Based on the real events surrounding the 1995 Tokyo subway sarin gas attacks that killed twelve passengers and injured over a thousand, the feature film Canary explores the Aum Shinrikyo doomsday cult responsible, and the hypnotic psychological sway they held over its members. But writer and director Akihiko Shiota is less interested in the brutal sensationalism of that mass assault – it’s never shown but only spoken about – than the traumatic effect and enduring damage on those most vulnerable, the children. And by extension, this grim national portrait is an implicit commentary about a nation whose nurturing of its youth is being called into question.
Canary focuses on the plight of two emotionally neglected twelve year olds. Koichi (Hoshi Ishida) runs away from the cult compound after his widowed mother goes into hiding following her complicity in the sarin attack, and when his little sister has been taken away by their grandfather. Koichi, who has suffered severe physical and emotional abuse at the hands of the cult because of his defiant resistance to the harsh, servile living conditions there, takes off on foot for the long journey to Tokyo to find his sister.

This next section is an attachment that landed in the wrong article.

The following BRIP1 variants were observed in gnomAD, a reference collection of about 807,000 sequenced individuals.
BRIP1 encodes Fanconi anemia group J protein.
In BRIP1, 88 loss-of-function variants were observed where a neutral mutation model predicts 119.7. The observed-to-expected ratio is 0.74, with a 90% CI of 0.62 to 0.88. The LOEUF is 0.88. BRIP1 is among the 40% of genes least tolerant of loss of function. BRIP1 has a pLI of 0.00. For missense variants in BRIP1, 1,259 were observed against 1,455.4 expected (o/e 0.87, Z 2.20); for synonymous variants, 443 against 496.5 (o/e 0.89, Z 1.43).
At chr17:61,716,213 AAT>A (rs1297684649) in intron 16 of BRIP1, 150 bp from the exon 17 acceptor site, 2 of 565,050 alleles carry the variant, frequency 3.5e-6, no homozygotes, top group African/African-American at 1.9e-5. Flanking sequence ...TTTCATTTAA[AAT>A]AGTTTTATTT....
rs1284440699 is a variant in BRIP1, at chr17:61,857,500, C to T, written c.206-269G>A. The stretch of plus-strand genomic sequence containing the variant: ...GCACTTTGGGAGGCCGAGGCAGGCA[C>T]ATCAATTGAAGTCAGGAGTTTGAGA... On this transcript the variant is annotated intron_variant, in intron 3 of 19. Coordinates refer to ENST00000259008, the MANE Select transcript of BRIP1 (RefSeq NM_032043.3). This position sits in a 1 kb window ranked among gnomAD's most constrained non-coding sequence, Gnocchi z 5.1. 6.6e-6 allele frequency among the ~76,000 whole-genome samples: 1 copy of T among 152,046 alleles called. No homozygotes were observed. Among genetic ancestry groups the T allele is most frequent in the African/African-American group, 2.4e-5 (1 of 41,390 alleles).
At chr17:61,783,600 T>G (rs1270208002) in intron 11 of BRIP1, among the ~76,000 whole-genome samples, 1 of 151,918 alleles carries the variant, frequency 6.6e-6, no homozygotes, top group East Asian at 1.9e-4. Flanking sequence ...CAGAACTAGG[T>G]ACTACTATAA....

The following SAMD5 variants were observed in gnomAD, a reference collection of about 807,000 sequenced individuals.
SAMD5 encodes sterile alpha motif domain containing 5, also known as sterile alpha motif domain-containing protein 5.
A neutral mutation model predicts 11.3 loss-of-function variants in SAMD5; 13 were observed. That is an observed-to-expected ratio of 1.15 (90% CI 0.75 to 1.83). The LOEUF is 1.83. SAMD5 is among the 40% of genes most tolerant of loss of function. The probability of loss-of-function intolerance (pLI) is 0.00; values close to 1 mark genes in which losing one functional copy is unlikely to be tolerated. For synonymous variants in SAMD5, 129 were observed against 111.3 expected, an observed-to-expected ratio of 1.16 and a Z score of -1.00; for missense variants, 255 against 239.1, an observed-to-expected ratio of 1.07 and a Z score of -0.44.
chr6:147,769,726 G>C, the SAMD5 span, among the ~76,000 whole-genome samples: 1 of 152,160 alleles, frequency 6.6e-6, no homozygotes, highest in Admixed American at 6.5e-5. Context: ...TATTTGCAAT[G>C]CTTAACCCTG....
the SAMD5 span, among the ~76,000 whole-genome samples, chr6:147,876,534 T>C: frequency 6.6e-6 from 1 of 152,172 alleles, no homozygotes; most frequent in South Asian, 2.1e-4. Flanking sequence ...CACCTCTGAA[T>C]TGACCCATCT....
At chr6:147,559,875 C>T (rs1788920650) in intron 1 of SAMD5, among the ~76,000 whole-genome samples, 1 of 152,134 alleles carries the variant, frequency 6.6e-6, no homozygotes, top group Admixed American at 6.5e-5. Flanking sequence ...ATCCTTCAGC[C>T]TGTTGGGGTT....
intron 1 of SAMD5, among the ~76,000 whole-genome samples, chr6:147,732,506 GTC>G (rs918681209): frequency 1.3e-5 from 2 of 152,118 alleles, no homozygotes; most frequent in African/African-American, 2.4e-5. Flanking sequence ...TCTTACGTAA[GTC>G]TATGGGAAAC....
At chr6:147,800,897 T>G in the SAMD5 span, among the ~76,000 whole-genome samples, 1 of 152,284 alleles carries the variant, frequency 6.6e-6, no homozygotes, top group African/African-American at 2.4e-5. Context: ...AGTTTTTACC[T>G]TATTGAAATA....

Along the way, he encounters Yuki (Mitsuki Tanimura), a motherless runaway who survives peddling sexual favors to male motorists. Yuki recognizes Koichi from news reports about the fugitive members of notorious cult, and she takes a strange maternal interest in the distressed boy, as a substitute of sorts in the absence of family concern for either of them. Together they set out on the perilous journey through a mostly indifferent, occasionally protective, and at times dangerous grownup world.
Canary, with a running time well over two hours, could have had a more potent impact with a substantially condensed narrative. But the impassioned performances of these two exceptionally talented young actors hold the story together as it meanders back and forth through time. And, while conveying a searing indictment of a society that may have lost sight of adult responsibility for its most precious human resources.
Canary will premiere at NYC’s ImaginAsian Theater beginning July 25th, and at the ImaginAsian Center in Los Angeles on August 8th.